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S&P 500 Q3 Earnings Look Bleak -- But Wait a Second

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S&P 500 Q3 Earnings Look Bleak -- But Wait a Second

S&P 500 Q3 Earnings Look Bleak -- But Wait a Second

With the first leg of third-quarter earnings in the books, investors may be getting skittish about the outlook.

But a second glance shows the picture may actually be positive for the S&P 500, UBS Global Wealth Management Chief Investment Officer Mark Haefele said in a note.

Q3 earnings for the index are expected to contract 4.6%, but that contraction is far from widespread.

"Weakness is concentrated in the energy, materials, and technology sectors, as well as select megacap stocks," Haefele pointed out.

"The median S&P 500 company should grow earnings 4-5%." Specifically, energy companies in the index are expected to see earnings contract 35% for the quarter, FactSet consensus estimates show.

Oil stocks have underperformed the S&P 500, as the outlook on oil prices isn't exactly rosy.

Chevron is up 4.5% for the year.

BP is down 3.4%.

Exxon Mobil is down 1.8% for the year.

Materials companies are expected to see an earnings decline of 9.3%.

Steel prices, which popped when President Donald Trump instituted tariffs in March 2018, began to slump.

Since July 2018, the price of hot rolled coil has fallen 45%.

Tariffs, while initially inflationary, are ultimately disinflationary, as companies are forced to raise prices ahead of demand for goods.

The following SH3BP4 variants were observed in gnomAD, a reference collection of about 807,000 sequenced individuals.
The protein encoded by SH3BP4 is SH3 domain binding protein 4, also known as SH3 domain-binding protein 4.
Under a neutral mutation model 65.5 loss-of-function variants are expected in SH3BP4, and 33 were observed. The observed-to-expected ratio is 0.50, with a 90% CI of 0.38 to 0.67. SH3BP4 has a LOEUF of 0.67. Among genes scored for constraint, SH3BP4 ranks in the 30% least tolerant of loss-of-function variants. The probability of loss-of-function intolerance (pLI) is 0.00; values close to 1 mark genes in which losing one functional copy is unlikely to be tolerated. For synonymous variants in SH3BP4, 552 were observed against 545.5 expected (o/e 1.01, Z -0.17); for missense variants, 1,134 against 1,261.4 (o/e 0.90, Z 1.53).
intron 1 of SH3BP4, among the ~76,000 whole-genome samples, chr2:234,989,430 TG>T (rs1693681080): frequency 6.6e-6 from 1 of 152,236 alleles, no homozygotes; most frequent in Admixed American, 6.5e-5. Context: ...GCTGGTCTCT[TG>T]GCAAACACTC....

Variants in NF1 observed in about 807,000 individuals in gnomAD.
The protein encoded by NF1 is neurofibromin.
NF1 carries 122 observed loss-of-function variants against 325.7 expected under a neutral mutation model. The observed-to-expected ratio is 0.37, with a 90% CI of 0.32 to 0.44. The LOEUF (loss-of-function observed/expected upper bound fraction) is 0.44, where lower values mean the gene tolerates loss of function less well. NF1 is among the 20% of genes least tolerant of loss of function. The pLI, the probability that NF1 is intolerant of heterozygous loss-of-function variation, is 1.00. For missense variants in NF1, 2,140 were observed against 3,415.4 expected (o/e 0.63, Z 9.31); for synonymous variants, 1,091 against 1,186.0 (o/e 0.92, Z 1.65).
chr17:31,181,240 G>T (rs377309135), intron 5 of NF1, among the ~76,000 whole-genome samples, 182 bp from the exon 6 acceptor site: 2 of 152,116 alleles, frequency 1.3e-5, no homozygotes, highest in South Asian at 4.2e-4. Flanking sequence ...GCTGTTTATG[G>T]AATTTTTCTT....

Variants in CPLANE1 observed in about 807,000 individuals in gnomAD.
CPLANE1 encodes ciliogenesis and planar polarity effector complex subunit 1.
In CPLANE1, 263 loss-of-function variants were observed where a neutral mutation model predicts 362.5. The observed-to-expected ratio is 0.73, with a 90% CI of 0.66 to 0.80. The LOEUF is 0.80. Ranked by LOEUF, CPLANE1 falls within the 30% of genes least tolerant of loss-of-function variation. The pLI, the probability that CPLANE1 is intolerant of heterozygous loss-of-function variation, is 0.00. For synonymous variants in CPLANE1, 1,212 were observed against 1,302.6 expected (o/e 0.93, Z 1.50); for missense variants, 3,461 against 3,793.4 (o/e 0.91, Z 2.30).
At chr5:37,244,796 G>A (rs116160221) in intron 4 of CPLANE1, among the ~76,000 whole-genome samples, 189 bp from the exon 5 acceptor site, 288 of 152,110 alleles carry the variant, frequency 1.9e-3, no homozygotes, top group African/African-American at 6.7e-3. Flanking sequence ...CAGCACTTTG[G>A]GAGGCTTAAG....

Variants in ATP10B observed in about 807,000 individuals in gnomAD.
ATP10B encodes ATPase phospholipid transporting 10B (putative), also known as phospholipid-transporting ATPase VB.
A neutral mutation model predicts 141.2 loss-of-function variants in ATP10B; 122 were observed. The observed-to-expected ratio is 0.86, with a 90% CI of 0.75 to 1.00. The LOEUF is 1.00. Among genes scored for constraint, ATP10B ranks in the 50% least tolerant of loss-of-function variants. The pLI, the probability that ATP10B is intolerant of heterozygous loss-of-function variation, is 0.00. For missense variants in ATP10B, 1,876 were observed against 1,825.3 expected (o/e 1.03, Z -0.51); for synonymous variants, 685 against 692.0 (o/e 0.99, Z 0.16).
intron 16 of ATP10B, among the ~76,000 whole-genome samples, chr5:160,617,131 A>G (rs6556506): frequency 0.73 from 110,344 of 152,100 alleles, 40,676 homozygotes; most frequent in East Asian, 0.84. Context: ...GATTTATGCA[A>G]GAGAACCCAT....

U.S. Steel has seen its shares fall 42% this year, while Nucor is down 1%.

And in light of the earnings outlook, fundamentals don't look to be inflecting positively any time soon.

Tech broadly is expected to see an earnings decline of 10.2% in the quarter.

Haefele on the other hand called out consumer staples, consumer discretionaries and utilities as three sectors that could shine.

Staples are expected to see earnings contract just 1.8%.

Moreover, utilities are expected to see earnings grow 4.2%.

But money has flown aggressively into staples and utilities.

Stocks this year have seen a heavy does of risk-on sentiment, and staples and utilities, typically defensive sectors, have been a large part of the rally.

Now, some consumer-staple stocks are not exactly cheap.

The Invesco Consumer S&P Staples ETF is up 21% on the year, outpacing the S&P 500's 19% gain.

Procter & Gamble , one of the premier U.S. staples, trades at 22 times next year's earnings.

And utilities may not be extremely cheap either.

The Invesco S&P Utilities ETF is up 22% on the year.

Con Edison trades at 20 times forward earnings.

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